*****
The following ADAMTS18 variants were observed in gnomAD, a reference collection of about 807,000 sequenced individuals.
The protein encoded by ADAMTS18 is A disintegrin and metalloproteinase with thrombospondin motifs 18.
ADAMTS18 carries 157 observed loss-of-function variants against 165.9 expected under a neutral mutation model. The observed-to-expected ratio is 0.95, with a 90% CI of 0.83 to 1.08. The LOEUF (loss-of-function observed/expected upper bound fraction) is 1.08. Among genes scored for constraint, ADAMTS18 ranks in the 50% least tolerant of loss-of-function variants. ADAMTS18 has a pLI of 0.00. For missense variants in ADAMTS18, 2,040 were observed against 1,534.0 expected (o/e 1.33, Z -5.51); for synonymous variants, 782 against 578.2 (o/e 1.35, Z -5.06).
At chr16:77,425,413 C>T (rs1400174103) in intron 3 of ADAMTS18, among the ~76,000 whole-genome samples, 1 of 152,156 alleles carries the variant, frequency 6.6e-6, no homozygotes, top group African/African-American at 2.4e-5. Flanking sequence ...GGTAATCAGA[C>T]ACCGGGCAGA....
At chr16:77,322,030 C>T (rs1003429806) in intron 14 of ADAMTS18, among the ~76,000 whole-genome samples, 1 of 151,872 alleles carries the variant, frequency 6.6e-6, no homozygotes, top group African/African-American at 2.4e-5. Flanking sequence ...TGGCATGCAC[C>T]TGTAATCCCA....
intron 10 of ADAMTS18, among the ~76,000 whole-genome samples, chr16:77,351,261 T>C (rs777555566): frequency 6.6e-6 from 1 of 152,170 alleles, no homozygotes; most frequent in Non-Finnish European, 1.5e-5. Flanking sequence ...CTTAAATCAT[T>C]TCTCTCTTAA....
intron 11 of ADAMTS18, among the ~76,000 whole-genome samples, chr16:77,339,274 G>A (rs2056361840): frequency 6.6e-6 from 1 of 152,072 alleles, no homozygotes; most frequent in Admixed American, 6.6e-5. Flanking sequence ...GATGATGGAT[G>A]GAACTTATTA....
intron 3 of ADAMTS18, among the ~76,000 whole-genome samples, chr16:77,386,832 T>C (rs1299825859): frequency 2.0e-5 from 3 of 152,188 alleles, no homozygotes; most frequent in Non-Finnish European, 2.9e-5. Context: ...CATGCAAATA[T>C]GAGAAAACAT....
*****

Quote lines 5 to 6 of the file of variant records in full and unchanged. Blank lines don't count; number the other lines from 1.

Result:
At chr16:77,322,030 C>T (rs1003429806) in intron 14 of ADAMTS18, among the ~76,000 whole-genome samples, 1 of 151,872 alleles carries the variant, frequency 6.6e-6, no homozygotes, top group African/African-American at 2.4e-5. Flanking sequence ...TGGCATGCAC[C>T]TGTAATCCCA....
intron 10 of ADAMTS18, among the ~76,000 whole-genome samples, chr16:77,351,261 T>C (rs777555566): frequency 6.6e-6 from 1 of 152,170 alleles, no homozygotes; most frequent in Non-Finnish European, 1.5e-5. Flanking sequence ...CTTAAATCAT[T>C]TCTCTCTTAA....